The Arizona-Sonora Desert Museum's Kino Heritage Fruit Trees Project is another complementary project whose mission is to identify fruit varieties from the Spanish Mission Era in the Sonoran Desert region, restore them to appropriate historic orchard sites, and make them available to the public.

Securing the Future of Food

Securing the Future of Food

Crop diversity is key to achieving sustainable food security both globally and within our own region of focus, the southwestern U.S. and northwestern Mexico. Our approach to food security focuses on seed security, which relies on the conservation and sharing of appropriate crop diversity and the knowledge to use that diversity effectively. Our programs are designed to address these goals and broadly entail:

  • Seed banking to ensure the survival of unique agricultural biodiversity and to document its traits.
  • Seed distribution so that these crops continue to contribute to the region's food systems.
  • Support for on-farm maintenance of dynamically-evolving crop varieties.
  • Research into low-input and climate-appropriate agricultural practices.
  • Education in managing local crop diversity and contributing to regional efforts.
Learn More About Our Approach
Many Ways to Get Connected with Seeds

Many Ways to Get Seeds

Agricultural biodiversity is most valuable when it is actively used to strengthen local food and farming systems. With this in mind, Native Seeds/SEARCH strives to provide affordable public access to seeds of regionally-appropriate crop varieties. We have programs designed to meet the needs of many types of individuals and organizations.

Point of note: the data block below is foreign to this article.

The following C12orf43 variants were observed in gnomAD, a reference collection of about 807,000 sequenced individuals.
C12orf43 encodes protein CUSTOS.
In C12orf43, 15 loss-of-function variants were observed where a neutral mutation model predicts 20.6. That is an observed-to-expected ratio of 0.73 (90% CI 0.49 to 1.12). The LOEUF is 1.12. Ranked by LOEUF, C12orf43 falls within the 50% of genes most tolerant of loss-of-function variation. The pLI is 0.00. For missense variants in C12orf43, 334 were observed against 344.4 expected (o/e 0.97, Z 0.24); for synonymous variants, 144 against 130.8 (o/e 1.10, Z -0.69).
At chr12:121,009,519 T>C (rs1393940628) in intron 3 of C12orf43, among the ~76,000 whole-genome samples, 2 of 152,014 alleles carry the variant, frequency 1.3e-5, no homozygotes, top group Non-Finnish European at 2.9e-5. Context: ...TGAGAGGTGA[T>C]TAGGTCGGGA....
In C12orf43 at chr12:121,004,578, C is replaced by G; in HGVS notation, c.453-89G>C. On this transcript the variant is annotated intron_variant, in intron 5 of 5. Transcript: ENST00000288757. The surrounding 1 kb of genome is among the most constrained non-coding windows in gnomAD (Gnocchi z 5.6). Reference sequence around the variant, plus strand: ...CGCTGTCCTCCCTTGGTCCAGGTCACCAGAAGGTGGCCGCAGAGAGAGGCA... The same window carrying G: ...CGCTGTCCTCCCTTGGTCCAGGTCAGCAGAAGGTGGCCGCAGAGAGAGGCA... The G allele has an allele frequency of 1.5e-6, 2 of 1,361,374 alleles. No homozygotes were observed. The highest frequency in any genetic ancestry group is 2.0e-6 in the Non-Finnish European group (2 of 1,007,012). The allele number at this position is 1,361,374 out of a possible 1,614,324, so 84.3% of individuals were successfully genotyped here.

• ADAPTS: An online platform for exploring the contents of the NS/S seed bank collection. If you want to conduct a detailed search for appropriate crop varieties, start here. Otherwise, you may explore currently available seed varieties through our online store.
    • Native American Seed Request: Provides a limited number of seed packets at zero or reduced cost to Native American individuals.
    • Seed Library: If you are in Tucson, Arizona, we encourage you to visit our seed library.
    • Retail Sales: If you are looking for seeds for personal use and are ineligible for seeds through our other programs, you may purchase seeds online or at our retail store in Tucson, Arizona. Some varieties are in limited supply and are restricted to NS/S members and Free Seed recipients.
    • ADAPTS: An online platform for exploring the contents of the NS/S seed bank collection. If you want to conduct a detailed search for appropriate crop varieties, start here. Otherwise, you may explore currently available seed varieties through our online store.
    • Native American Seed Request: Provides a limited number of seed packets at zero or reduced cost to Native American individuals.
    • Bulk Seed Exchange: Makes bulk seed quantities available to farmers in exchange for a return of seeds after a successful harvest.
    • Retail Sales: If you are looking for seeds for personal use and are ineligible for seeds through our other programs, you may purchase seeds online or at our retail store in Tucson, Arizona. Some varieties are in limited supply and are restricted to NS/S members and Free Seed recipients.